# Physics:Statcoulomb

statcoulomb | |
---|---|

Unit system | esu-cgs, Gaussian |

Unit of | electrical charge |

Symbol | statC or Fr, esu |

Derivation | dyn^{1/2}⋅cm |

Conversions | |

1 statC in ... | ... is equal to ... |

CGS base units | cm^{3/2}⋅g^{1/2}⋅s^{−1} |

SI (charge) | ≈3.33564×10^{−10} C |

SI (flux) | ≈2.65×10^{−11} C |

The **statcoulomb** (**statC**) or **franklin** (**Fr**) or **electrostatic unit of charge** (**esu**) is the physical unit for electrical charge used in the esu-cgs (centimetre–gram–second system of units) and Gaussian units. It is a derived unit given by

- 1 statC = 1 dyn
^{1/2}⋅cm = 1 cm^{3/2}⋅g^{1/2}⋅s^{−1}.

That is, it is defined so that the Coulomb constant becomes a dimensionless quantity equal to 1.

It can be converted using

- 1 newton = 10
^{5}dyne - 1 cm = 10
^{−2}m

The SI system of units uses the coulomb (C) instead. The conversion between C and statC is different in different contexts. The most common contexts are:

- For electric charge:
- 1 C ↔ 2997924580 statC ≈ 3.00×10
^{9}statC - ⇒ 1 statC ↔ ~3.33564×10
^{−10}C.

- 1 C ↔ 2997924580 statC ≈ 3.00×10
- For electric flux (Φ
_{D}):- 1 C ↔ 4π × 2997924580 statC ≈ 3.77×10
^{10}statC - ⇒ 1 statC ↔ ~2.65×10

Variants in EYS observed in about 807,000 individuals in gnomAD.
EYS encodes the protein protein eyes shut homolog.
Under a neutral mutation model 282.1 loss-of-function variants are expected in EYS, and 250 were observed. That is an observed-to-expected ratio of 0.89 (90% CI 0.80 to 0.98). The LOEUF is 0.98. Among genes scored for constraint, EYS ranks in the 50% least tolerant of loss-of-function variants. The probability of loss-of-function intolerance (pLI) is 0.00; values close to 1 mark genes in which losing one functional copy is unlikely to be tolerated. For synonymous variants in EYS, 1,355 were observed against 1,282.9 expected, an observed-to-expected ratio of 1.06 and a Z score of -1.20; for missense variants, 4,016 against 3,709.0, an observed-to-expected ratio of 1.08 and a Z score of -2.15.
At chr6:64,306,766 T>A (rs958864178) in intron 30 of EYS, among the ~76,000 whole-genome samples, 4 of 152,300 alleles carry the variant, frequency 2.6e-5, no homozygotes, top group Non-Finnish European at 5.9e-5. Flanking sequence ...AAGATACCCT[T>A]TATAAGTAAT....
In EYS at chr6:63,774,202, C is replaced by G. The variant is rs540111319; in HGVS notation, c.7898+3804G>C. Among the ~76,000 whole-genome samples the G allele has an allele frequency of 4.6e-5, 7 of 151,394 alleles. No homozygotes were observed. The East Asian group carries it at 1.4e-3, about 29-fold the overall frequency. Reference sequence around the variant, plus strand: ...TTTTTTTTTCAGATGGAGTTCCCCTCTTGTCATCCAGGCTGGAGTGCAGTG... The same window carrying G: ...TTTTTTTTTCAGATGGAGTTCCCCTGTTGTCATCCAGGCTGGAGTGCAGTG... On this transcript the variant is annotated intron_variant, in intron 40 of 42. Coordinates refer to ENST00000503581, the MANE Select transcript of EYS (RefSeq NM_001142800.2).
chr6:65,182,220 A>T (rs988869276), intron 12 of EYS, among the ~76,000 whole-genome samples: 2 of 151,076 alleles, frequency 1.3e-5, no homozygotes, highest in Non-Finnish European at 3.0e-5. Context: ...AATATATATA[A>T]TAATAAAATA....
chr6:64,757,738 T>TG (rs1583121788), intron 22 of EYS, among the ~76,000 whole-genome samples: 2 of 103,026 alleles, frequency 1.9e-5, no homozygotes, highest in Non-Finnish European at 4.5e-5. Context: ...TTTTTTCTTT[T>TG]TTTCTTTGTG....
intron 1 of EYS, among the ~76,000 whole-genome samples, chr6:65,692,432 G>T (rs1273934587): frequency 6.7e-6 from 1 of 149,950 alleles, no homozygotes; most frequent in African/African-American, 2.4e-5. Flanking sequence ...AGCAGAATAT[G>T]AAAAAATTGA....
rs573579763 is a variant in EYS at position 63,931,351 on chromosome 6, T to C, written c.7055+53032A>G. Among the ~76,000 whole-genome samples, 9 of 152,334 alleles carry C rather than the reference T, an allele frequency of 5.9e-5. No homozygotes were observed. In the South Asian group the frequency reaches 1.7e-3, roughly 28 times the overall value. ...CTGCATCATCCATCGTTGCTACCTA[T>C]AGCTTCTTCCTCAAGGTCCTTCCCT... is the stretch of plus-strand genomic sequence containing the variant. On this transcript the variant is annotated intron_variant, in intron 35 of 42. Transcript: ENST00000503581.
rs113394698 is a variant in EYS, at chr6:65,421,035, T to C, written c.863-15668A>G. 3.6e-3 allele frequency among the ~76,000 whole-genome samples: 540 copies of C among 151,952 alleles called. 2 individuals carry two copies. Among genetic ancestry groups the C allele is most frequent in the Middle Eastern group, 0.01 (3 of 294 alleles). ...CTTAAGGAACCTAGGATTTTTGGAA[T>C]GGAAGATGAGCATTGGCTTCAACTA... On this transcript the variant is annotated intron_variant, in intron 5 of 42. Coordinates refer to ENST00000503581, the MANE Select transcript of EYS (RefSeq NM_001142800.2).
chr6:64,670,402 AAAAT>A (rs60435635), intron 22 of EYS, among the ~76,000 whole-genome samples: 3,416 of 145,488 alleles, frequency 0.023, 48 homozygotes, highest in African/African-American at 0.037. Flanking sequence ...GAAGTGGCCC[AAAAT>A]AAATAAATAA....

^{−11}C.

- 1 C ↔ 4π × 2997924580 statC ≈ 3.77×10

The symbol "↔" is used instead of "=" because the two sides are not necessarily interchangeable, as discussed below. The number 2997924580 is 10 times the value of the speed of light expressed in meters/second, and the conversions are *exact* except where indicated. The second context implies that the SI and cgs units for an electric displacement field (D) are related by:

- 1 C/m
^{2}↔ 4π × 2997924580×10^{−4}statC/cm^{2}≈ 3.77×10^{6}statC/cm^{2} - ⇒ 1 statC/cm
^{2}↔ ~2.65×10^{−7}C/m^{2}

due to the relation between the metre and the centimetre. The coulomb is an extremely large charge rarely encountered in electrostatics, while the statcoulomb is closer to everyday charges.

## Definition and relation to cgs base units

The statcoulomb is defined as follows: if two stationary objects each carry a charge of 1 statC and are 1 cm apart, they will electrically repel each other with a force of 1 dyne. This repulsion is governed by Coulomb's law, which in the Gaussian-cgs system states:

- [math]\displaystyle{ F=\frac{q_1q_2}{r^2} }[/math]

where *F* is the force, *q*_{1} and *q*_{2} are the two charges, and *r* is the distance between the charges. Performing dimensional analysis on Coulomb's law, the dimension of electrical charge in cgs must be [mass]^{1/2} [length]^{3/2} [time]^{−1}. (This statement is *not* true in SI units; see below.) We can be more specific in light of the definition above: Substituting *F* = 1 dyn, *q*_{1} = *q*_{2} = 1 statC, and *r* = 1 cm, we get:

- 1 statC = g
^{1/2}cm^{3/2}s^{−1}

as expected.

## Dimensional relation between statcoulomb and coulomb

This section may stray from the topic of the article into the topic of another article, Gaussian units #Major differences between Gaussian and SI units. (February 2013) |

### General incompatibility